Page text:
Scorpion venom is a painkiller for the grasshopper mouse

The bark scorpion is, according to
Wikipedia, the most venomous
scorpion in North America, wielding
an intensely painful – and potentially
lethal – sting that stuns and deters
snakes, birds and other predators.
People unfortunate enough to have
experienced the sting say that it
produces an immediate burning
sensation, followed by prolonged
throbbing pain that can last for
hours.
But the grasshopper mouse is
completely resistant to the bark
scorpion's venom. In fact, it actively
preys upon scorpions and other
poisonous creatures. As the film clip
below shows, it responds to the bark
scorpion's sting by licking its paw for
a second or two, before resuming its
attack, then killing and eating the
scorpion, starting with the stinger and
the bulb containing the venom.
Researchers have now established
exactly why this is – paradoxically,
the venom has an analgesic, or pain-
killing, effect on the grasshopper
mouse.
The animal's secret lies in two
proteins, the sodium channels Nav1.7
and Nav1.8, which are found in a
subset of sensory nerve fibres called
nociceptors. These cells express
numerous other proteins that are
sensitive to damaging chemicals,
excessive mechanical pressure, and
extremes in temperature, and have
fibres that extend from just beneath
the skin surface into the spinal cord.
The sensor proteins relay these
signals to Nav1.7 and Nav1.8, which
then change their structure in
response, so that their pores, which
span the nerve cell membrane, open
up, allowing sodium ions to flood into
the cell. This causes the nociceptors to
generate nervous impulses, which are
transmitted along the fibre into the
spinal cord. From there, the signals
are relayed to second-order sensory
neurons, which then carry the signals
up into the brain, where they are
interpreted as pain.
Ashlee Rowe of the University of
Texas in Austin and her colleagues
started off by injecting scorpion
venom, formaldehyde and salt water
into the hind paws of southern
grasshopper mice and common house
mice, and compared their
behavioural responses.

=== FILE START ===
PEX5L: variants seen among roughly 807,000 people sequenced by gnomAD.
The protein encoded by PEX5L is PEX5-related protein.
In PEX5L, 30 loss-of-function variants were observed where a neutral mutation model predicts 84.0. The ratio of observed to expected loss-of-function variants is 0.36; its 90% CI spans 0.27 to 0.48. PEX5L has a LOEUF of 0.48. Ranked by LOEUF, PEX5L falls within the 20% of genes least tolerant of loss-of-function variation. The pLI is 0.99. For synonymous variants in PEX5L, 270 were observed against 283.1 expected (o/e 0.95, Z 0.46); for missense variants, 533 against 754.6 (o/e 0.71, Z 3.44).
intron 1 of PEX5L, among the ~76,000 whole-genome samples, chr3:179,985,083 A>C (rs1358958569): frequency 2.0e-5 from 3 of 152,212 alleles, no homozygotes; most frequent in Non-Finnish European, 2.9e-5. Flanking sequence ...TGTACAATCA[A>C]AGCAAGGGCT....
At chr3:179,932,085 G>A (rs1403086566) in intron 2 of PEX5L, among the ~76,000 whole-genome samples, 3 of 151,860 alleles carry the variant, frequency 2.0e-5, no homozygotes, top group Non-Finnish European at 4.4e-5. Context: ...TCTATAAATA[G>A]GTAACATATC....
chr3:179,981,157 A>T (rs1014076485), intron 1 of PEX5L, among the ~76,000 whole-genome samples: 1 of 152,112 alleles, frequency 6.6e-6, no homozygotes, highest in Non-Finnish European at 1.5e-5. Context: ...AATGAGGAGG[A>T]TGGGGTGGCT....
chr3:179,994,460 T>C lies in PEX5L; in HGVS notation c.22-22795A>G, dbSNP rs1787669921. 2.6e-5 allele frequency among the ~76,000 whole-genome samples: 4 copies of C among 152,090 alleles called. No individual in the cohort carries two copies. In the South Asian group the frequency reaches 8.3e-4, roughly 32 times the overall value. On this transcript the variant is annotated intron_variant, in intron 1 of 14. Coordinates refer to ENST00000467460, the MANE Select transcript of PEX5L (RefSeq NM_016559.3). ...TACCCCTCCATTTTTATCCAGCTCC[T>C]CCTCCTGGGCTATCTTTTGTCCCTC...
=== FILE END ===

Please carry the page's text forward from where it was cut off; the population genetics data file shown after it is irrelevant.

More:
The house mice licked their paws
furiously for several minutes after
being injected with venom or
formaldehyde, but not when they
were injected with salt water. By
contrast, the grasshopper mice
seemed completely oblivious to the
venom, and barely licked their paws
at all after being injected with it.
They found the formaldehyde to be
far more irritating, and the venom
actually reduced the amount of time
they spent licking their paws when
the two were injected together.
Next, the researchers isolated sensory
neurons from both types of mice and
grew them in Petri dishes. They then
added scorpion venom to the dishes
and used microelectrodes to measure
the electrical activity of the cells. This
showed that the venom strongly
activated cells from the house mice,
making them fire with rapid bursts of
nervous impulses, but actually
prevented cells from the grasshopper
mice from firing. Further
investigation revealed that the
scorpion venom directly binds to, and
potently inhibits, Nav1.8 sodium
channels from the grasshopper mice,
but not the house mice.
Rowe and her colleagues performed a
final series of experiments to
determine how this happens at the
molecular level. They sequenced the
Nav1.8 gene from the grasshopper
mouse, and compared it to that of the
common mouse, to identify multiple
DNA sequence variations that confer
insensitivity to scorpion venom. All
the mutations encode amino acid
residues in or around the pore region
of the Nav1.8 protein, replacing
neutral residues with acidic ones that
are attracted to water.
As a result of these tiny structural
changes, scorpion venom binds to
Nav1.8 and switches it off, perhaps
by plugging the pore or making it
impermeable to sodium ions in some
other way, thus blocking the
transmission of pain signals into the
spinal cord.
The researchers confirmed the
importance of the pore region by
using genetic engineering to replace
this segment of the common mouse
gene with the corresponding segment
from the grasshopper mouse gene.
This made the resulting protein
resistant to the venom, whereas
substituting the pore DNA sequence in
the grasshopper gene with that from
the common mouse gene rendered it
highly sensitive to the venom.
The ability to detect pain is critical
for survival, as it alerts organisms to
potentially life-threatening injuries.
Venomous creatures have capitalised
on this, by evolving neurotoxins that
inflict pain by activating nociceptors
in one way or another, thus detering
would-be predators from attacking
again. The grasshopper inhabits the
deserts of North America and Mexico,
and probably evolved resistance to
venom as a physiological adaptation,
which enabled it to eek out an
existence in such an extreme
environment by feasting on
venomous prey.
Previous work has identified Nav1.7
as a key player in pain signalling,
and researchers have identified a
number of rare mutations in the gene
encoding it, which make people either
completely or partially insensitive to
pain. Drugs that block Nav1.7
activity could therefore be effective
pain-killers, and various research
groups have been researching and
developing such drugs. The new
findings identify Nav1.8 as another
potential target, and provide another
potential route for the development
new analgesic drugs.